Middagshvil (Midday Rest)

This diorama is the second one in the series where I take inspiration from my own background in the north of Norway, and in Østerdalen. Myths and traditions, folktales and memories.

The scene is a tribute to Sommerstua in Østerdalen – the wonderful little house where anything could happen…

Every summer in my childhood, the family would drive from Bodø, to spend the summer at my grandparents’ farm in Østerdalen. Our relatives would come as well, young and old, living together, working on the fields making hayracks, and helping with the cattle and sheep.

This is a glimpse into one of these summer days. Kids alone in the house during midday rest, busily playing. Then, a noise…?

Childhood is not innocent.

Sommerstua (“The summer cottage”)

The room I have recreated was the main room in sommerstua, one of two houses on the farm. It was built in 1791.

I wanted to tell the story of a house with a lot of history, used for generations. So I had to make elements from many eras, from an electric mixmaster and a waffelmaker, to 1980’s glossy magazines and  furniture, even tools (Like the carrying pole above the doors), from the 19th century.

Sommerstua (a “Barfrøstue”) is a unique Østerdal type of house from the 18th century, , consisting of a one-storey house, but with a two-storey extension in front of the living room door in the middle of the long wall. Similar tower-like buildings are also known from Sweden and Denmark.

Sommerstua at Hummelvold. Pencil drawing by Ingvild Eiring, 1991.

The Bat

From time to time there would be bats up in the mantle above the big iron stove. Not often. But it could happen.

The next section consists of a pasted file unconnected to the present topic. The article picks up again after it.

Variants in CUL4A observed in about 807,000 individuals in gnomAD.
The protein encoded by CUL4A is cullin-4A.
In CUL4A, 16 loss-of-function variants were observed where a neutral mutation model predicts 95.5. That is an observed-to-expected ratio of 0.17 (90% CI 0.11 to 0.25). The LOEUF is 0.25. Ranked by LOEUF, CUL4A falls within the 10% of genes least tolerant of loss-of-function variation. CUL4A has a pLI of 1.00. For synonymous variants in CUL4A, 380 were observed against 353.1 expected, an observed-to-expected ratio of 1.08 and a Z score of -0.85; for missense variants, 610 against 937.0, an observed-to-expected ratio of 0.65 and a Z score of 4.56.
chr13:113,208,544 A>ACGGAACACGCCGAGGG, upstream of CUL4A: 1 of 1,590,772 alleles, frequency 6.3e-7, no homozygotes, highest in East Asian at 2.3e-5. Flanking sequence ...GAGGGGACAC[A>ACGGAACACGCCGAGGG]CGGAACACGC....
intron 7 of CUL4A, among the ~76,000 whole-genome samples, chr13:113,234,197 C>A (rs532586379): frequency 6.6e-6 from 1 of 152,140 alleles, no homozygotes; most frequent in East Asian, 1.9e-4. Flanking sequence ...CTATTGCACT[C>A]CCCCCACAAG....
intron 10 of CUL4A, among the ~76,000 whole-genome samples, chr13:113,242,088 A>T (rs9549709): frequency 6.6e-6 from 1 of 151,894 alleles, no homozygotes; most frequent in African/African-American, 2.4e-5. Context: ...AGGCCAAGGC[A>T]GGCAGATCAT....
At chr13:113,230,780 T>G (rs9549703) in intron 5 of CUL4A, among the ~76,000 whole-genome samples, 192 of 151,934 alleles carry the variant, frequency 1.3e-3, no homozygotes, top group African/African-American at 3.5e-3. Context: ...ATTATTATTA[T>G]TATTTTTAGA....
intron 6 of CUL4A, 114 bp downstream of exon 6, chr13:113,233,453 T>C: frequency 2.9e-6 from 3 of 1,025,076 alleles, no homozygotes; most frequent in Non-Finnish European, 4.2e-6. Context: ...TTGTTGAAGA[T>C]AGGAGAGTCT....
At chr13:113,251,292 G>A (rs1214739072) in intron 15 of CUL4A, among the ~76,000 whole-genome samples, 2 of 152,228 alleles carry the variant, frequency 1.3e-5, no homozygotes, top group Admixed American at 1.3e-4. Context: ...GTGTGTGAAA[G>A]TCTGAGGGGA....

Us kids would look for them, listen for sounds. Hearing the stories and the rumors. Wings were found on the stove…


The Bat. Watercolor, Ingvild Eiring 2021.

The characters

When I sculpt and paint the characters, I try to to give them an individual look and a personality. They are the storytellers.

The costumes are important in this scene, they set the era, a late 70’s/early 80’s look, adding a contrast to the old house.

I choose fabrics very carefully. Sometimes I need to make the fabrics. For a striped sweater, to achieve the right scale, I need to cut narrow stripes and put them together. The fabrics I use, whether it’s for clothes, furniture, cushions  are all antique.

Building the room

Typical for this kind of house were the thick timber walls with moss between the beams for isolation.

For the walls, I cut pieces from my grandmothers “håndkarder”, turning them into miniature timber, applying real moss between them.

The view from the windows are a mix of watercolor and collage work, where I was trying to catch the right mood of the soft August afternoon light.

Building furniture

Recreating the original furniture in miniature, using different kinds of wood that I had available. Mixing the right color tones, staining it.

Creating details

I needed a lot of details. Like the big stove, the kitchen set, and many different kinds of jars and boxes. Details are important in this scene, because it tells the story of a building that has been used for generations, and have traces from them all. Like the Combi 1953 radio,  the ashtrey from the 70’s, and furniture from the 19th century.

The Bat





This was the last diorama I got to create with this little guy by my side. R.I.P.